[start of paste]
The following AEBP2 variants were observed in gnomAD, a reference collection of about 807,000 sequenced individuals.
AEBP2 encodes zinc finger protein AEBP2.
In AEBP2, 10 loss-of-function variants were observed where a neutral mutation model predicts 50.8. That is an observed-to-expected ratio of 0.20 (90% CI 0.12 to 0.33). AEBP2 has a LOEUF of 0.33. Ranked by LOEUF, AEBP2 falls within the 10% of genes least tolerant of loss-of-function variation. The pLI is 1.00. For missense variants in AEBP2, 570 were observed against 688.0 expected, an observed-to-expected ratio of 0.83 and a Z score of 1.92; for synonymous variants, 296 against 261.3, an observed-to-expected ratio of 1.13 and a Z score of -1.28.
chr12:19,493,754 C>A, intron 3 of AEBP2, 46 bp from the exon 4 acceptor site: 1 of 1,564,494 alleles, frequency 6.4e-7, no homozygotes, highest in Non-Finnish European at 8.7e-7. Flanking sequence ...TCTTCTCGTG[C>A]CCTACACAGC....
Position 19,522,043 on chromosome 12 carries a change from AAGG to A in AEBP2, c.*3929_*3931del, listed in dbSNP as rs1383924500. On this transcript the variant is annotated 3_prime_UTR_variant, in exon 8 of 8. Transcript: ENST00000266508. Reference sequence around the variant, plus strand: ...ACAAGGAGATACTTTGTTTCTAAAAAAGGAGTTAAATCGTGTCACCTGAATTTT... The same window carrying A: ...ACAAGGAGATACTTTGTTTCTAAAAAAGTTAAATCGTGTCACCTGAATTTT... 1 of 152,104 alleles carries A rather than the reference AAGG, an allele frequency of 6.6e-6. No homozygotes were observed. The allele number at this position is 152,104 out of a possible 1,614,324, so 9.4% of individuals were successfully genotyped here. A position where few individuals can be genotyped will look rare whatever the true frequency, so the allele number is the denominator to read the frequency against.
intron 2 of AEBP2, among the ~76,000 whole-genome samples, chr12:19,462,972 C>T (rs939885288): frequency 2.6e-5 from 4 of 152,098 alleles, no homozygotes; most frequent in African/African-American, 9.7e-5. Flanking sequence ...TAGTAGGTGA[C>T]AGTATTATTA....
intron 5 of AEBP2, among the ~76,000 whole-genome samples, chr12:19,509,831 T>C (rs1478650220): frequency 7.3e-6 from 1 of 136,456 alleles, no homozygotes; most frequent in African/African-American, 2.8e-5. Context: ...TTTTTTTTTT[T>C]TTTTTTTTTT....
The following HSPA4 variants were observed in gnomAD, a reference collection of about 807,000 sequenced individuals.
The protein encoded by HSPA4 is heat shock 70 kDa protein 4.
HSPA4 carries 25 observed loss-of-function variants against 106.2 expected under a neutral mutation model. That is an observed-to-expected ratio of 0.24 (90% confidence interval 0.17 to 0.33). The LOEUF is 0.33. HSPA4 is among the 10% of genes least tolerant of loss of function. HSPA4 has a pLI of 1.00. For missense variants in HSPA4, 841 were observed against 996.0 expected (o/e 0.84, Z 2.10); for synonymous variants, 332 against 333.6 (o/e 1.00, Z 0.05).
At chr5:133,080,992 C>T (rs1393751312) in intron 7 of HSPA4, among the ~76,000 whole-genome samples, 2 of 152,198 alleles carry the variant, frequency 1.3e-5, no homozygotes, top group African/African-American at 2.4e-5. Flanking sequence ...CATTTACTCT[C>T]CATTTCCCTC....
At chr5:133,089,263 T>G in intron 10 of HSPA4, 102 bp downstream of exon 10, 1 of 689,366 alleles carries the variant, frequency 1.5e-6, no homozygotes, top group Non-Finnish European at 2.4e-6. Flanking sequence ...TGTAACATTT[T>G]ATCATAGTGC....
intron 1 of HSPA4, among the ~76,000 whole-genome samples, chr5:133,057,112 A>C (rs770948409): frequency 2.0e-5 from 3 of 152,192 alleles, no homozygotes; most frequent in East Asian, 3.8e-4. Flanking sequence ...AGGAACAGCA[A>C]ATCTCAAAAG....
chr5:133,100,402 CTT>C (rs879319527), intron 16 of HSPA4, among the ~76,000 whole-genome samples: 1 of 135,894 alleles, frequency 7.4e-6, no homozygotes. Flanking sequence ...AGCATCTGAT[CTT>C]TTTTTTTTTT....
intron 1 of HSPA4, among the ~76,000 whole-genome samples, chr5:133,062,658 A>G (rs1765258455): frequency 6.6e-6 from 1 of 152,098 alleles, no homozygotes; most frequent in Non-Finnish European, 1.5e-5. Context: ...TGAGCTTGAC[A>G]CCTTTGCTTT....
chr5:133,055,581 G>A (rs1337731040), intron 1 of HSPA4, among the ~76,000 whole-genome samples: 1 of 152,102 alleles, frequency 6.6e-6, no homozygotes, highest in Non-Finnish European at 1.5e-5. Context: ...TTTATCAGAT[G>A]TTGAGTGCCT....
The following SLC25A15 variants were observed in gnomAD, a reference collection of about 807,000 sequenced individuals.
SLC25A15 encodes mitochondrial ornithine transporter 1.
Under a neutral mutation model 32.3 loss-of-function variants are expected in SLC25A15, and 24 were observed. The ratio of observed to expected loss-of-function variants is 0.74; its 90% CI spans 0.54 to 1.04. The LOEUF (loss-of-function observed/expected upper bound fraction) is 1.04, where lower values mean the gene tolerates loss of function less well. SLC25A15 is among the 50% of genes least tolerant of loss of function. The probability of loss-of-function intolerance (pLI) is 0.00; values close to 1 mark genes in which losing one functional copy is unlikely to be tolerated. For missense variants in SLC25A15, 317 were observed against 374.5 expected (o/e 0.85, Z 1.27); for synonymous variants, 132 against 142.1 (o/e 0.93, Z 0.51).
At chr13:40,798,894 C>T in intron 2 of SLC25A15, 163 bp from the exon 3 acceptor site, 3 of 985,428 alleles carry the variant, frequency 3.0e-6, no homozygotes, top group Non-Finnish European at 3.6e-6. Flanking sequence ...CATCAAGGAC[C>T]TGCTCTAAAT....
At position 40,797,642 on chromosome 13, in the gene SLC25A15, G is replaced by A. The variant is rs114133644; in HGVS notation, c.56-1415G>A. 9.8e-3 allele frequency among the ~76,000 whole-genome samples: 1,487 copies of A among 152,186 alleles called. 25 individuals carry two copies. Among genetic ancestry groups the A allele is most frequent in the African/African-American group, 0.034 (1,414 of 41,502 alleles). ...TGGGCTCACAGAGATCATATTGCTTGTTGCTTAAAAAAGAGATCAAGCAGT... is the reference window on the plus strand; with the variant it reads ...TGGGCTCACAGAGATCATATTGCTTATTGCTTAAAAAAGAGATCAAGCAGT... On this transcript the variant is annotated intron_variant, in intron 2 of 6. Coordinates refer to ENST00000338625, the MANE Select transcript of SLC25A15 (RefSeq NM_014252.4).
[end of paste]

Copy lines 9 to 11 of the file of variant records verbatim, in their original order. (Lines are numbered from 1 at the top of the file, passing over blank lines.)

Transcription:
The protein encoded by HSPA4 is heat shock 70 kDa protein 4.
HSPA4 carries 25 observed loss-of-function variants against 106.2 expected under a neutral mutation model. That is an observed-to-expected ratio of 0.24 (90% confidence interval 0.17 to 0.33). The LOEUF is 0.33. HSPA4 is among the 10% of genes least tolerant of loss of function. HSPA4 has a pLI of 1.00. For missense variants in HSPA4, 841 were observed against 996.0 expected (o/e 0.84, Z 2.10); for synonymous variants, 332 against 333.6 (o/e 1.00, Z 0.05).
At chr5:133,080,992 C>T (rs1393751312) in intron 7 of HSPA4, among the ~76,000 whole-genome samples, 2 of 152,198 alleles carry the variant, frequency 1.3e-5, no homozygotes, top group African/African-American at 2.4e-5. Flanking sequence ...CATTTACTCT[C>T]CATTTCCCTC....